The Minister of Aboriginal Services says Ottawa will increase funding for boarding school burial searches

Aboriginal Services Minister Mark Miller said today that the federal government will substantially increase funding to allow Aboriginal communities to search for unmarked graves in former boarding school locations.

Miller says $27.1 million committed to search It is an initial number and will grow.

“We know there will be a lot,” Miller told CBC News.

“Obviously, given the emerging demand and knowing what might happen, more financial support will be needed, and we will obviously be there.”

Miller said he could not confirm whether Ottawa gave Cowessess First Nation money to conduct a ground penetrating radar search in the cemetery near the former Marieval Indian boarding school about 140 kilometers east of Regina.

First Nations today Announced the initial discovery of 751 unmarked graves at the scene.

The Federation of Sovereign Indigenous Peoples confirmed that the search was funded by The federal government provided $4.88 million to Saskatchewan organizations.

Aboriginal Services Minister Mark Miller said the federal government is committed to funding more unmarked burial searches on former boarding school premises. (Canada Press/Sean Kilpatrick)

Miller said the government had long known what Cowessess First Nation had found under the site, but it was still shocking.

“Although I knew this was coming, it still made me hold my breath,” Miller said.

“We have told [Cowessess] chief [Cadmus] Delorme stated unequivocally that the Canadian government will support them financially and any other assets we own on their terms. “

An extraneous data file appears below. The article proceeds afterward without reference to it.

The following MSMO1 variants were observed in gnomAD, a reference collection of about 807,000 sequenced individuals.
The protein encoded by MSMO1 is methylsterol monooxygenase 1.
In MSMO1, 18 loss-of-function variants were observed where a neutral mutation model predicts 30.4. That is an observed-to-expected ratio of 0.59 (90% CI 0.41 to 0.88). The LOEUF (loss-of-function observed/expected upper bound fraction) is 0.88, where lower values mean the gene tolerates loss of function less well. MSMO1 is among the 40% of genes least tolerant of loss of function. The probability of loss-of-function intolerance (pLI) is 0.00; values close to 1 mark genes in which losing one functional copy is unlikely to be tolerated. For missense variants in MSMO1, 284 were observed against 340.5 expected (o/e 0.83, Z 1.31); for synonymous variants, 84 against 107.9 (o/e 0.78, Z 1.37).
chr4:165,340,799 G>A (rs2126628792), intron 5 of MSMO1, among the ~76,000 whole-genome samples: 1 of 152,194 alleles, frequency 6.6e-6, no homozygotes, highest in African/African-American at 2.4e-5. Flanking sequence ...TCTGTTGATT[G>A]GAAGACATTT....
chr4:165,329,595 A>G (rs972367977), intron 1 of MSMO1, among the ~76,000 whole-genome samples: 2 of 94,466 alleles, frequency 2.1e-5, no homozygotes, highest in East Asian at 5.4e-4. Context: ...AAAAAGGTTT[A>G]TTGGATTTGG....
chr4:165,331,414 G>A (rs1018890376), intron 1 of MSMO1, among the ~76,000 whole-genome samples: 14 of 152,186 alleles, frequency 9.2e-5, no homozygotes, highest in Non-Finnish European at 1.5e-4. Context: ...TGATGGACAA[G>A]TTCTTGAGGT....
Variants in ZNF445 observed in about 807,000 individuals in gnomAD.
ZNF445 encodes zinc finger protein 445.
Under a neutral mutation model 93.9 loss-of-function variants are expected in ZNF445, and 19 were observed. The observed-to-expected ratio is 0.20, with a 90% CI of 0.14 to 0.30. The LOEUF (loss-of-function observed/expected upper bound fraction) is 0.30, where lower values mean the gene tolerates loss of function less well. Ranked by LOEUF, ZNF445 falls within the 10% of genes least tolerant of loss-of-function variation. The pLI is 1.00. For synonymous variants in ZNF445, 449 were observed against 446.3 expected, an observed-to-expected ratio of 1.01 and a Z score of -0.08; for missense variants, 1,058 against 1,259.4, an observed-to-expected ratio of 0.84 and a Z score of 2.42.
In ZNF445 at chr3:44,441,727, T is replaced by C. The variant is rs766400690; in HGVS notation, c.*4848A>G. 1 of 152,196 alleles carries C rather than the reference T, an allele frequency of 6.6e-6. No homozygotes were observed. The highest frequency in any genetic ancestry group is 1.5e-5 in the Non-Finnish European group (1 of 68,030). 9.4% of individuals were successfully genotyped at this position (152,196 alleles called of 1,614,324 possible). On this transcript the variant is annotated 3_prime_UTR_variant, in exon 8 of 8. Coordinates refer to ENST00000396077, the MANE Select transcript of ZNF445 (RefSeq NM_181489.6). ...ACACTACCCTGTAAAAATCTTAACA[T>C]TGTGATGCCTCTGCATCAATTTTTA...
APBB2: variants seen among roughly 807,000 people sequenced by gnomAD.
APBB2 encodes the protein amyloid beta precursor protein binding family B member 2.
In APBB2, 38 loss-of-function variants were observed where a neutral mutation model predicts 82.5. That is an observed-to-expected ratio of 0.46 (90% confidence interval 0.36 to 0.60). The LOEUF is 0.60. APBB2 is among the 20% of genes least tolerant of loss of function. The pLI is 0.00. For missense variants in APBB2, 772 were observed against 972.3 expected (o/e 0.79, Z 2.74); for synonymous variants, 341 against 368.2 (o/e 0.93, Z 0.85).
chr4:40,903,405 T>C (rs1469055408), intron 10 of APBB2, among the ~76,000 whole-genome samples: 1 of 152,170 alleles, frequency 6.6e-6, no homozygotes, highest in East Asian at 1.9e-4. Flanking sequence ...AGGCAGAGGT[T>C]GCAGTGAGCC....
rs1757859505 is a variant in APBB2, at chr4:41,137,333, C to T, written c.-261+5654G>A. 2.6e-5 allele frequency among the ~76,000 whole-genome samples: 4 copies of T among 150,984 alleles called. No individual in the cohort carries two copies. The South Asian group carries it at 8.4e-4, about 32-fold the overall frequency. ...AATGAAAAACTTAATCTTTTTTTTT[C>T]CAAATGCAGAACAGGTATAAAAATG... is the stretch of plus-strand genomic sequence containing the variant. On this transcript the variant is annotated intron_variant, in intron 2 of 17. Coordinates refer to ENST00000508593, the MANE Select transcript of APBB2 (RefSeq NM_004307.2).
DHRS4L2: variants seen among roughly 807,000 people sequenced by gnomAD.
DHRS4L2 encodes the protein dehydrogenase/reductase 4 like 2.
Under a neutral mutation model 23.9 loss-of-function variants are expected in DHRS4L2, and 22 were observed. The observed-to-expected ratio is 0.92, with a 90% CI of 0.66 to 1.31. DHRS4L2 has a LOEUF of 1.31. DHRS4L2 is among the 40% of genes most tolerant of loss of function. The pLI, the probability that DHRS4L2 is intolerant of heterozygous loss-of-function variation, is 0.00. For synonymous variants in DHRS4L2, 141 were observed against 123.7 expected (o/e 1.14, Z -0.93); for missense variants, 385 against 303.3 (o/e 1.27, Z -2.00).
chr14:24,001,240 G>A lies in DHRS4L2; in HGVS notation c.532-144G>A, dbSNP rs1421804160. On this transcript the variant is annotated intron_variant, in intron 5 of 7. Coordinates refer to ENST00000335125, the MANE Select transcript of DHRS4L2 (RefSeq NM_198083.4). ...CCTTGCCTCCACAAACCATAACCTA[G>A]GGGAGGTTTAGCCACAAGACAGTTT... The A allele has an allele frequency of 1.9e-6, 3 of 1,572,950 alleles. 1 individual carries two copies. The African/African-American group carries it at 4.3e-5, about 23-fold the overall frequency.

Watch: Indigenous Services Minister Mark Miller reacts to report of unmarked graves

Aboriginal Services Minister Mark Miller said the federal government will provide support after the Cowessess Aboriginal Report in Saskatchewan found 751 unmarked graves near the former boarding school. 1:19

Miller said the government is willing to support investigations into the unmarked graveyard of the former boarding school.

“We have always been open to this,” he said. “We don’t want to get in the way”

A growing number of indigenous groups, including FSIN, are calling for independent investigations.

“Now, it’s time to take action,” FSIN?? Chief Bobby Cameron told host David Cochran on CBC Power and politics.

Anyone affected by the boarding school experience, as well as those affected by the latest report, can get support.

A nationwide Indian boarding school crisis hotline has been set up to provide support to survivors and others affected. People can call the 24-hour national crisis hotline 1-866-925-4419 for emotional and crisis referral services.

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